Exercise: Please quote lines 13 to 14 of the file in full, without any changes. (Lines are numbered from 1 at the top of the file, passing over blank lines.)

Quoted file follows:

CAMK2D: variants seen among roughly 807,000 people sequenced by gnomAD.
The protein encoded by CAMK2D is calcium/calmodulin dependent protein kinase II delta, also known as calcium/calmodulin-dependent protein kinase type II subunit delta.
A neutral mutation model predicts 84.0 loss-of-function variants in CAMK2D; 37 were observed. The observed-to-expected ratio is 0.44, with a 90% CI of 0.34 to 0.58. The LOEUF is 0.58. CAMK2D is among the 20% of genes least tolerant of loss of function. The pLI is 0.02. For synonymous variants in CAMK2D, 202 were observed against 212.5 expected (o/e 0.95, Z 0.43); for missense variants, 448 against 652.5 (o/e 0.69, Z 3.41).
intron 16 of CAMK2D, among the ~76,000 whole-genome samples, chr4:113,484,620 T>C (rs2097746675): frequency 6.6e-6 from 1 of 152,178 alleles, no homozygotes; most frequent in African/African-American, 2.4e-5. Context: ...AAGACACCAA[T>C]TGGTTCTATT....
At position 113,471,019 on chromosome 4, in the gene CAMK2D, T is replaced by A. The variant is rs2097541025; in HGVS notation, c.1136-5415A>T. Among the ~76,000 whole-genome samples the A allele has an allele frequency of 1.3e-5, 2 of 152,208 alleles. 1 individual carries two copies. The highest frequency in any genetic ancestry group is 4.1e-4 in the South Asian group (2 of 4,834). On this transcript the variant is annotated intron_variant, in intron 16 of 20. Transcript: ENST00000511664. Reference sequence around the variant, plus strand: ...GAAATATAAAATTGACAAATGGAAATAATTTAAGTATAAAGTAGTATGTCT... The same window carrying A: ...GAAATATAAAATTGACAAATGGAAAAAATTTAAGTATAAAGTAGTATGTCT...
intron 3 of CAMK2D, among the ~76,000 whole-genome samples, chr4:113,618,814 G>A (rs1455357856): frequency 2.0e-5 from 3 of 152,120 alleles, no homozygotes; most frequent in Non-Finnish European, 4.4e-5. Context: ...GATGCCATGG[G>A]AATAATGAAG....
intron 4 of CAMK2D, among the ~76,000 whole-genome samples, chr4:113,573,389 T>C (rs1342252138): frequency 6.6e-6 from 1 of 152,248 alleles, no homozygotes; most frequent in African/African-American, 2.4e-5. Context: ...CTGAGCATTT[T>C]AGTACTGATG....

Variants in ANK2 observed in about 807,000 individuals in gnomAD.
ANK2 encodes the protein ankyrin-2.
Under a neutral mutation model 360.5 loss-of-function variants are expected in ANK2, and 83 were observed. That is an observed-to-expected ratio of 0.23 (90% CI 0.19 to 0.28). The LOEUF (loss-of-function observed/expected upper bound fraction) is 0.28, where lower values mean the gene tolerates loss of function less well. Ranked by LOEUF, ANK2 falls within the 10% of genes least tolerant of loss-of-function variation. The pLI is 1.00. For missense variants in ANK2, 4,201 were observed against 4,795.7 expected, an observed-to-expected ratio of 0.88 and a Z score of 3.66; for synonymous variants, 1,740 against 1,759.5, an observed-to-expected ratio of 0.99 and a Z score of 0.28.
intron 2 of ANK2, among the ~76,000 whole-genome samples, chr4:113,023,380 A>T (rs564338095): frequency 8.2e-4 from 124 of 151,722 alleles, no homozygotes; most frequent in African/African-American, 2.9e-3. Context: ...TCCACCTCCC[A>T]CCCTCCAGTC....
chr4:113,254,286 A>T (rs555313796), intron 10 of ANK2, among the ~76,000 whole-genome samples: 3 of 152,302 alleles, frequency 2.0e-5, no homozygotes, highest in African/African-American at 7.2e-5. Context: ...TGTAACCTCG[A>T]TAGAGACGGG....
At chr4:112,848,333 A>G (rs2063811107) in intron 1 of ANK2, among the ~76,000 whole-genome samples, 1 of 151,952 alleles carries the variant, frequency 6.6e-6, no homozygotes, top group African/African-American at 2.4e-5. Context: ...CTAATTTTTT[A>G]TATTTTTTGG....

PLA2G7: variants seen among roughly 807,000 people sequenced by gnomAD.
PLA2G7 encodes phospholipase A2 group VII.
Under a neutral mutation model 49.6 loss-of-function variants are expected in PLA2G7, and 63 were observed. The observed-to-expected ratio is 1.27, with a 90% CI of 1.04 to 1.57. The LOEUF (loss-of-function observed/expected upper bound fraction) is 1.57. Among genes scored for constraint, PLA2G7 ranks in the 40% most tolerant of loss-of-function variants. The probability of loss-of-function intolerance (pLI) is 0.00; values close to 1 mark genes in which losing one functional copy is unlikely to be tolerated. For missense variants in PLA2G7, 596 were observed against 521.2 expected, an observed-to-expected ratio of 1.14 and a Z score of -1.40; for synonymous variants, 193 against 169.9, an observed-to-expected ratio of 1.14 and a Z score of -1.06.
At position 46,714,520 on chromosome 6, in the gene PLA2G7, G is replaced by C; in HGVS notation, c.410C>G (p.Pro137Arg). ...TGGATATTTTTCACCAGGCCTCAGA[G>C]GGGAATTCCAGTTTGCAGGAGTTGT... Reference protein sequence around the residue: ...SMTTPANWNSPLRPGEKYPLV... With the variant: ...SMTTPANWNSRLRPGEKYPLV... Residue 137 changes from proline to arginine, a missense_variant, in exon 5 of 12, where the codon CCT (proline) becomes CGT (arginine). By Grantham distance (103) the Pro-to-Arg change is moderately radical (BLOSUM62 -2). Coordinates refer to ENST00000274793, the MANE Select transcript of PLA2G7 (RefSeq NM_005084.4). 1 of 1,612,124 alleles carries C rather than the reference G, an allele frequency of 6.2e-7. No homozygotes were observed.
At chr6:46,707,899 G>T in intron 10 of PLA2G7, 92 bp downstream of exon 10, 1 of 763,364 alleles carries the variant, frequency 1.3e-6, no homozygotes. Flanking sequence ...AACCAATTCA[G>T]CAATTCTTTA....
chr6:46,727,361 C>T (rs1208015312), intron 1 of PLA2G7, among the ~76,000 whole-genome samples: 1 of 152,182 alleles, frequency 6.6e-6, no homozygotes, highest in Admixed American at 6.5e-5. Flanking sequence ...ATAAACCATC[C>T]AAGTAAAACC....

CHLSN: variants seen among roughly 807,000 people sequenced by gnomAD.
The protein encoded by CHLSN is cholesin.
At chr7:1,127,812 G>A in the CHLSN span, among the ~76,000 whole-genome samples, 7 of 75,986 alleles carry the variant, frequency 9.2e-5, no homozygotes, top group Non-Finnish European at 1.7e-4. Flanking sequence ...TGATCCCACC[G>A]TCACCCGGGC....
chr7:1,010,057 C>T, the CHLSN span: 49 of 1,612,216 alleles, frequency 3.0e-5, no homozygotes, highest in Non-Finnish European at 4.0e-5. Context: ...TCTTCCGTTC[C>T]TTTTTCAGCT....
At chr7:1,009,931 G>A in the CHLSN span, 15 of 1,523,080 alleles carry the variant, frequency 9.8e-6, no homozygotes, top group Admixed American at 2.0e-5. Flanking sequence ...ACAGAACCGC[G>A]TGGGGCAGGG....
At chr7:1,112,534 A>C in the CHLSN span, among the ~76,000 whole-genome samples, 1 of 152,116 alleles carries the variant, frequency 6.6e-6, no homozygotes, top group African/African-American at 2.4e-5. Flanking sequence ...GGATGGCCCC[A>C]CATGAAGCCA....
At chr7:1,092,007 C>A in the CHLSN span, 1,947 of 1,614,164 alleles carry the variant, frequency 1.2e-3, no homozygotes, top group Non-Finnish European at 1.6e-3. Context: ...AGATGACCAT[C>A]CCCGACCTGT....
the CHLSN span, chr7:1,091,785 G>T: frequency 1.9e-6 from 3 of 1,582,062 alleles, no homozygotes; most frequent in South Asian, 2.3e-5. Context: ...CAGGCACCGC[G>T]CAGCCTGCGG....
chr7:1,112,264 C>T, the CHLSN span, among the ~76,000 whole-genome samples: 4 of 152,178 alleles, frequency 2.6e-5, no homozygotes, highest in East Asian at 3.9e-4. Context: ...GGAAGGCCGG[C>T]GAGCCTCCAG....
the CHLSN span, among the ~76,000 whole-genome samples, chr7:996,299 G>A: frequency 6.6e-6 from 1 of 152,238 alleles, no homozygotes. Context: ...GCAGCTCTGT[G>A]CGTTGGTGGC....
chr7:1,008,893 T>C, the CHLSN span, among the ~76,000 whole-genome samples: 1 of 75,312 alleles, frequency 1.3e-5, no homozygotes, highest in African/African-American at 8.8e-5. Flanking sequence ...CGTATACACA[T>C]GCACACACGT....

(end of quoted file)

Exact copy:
At chr4:112,848,333 A>G (rs2063811107) in intron 1 of ANK2, among the ~76,000 whole-genome samples, 1 of 151,952 alleles carries the variant, frequency 6.6e-6, no homozygotes, top group African/African-American at 2.4e-5. Context: ...CTAATTTTTT[A>G]TATTTTTTGG....

PLA2G7: variants seen among roughly 807,000 people sequenced by gnomAD.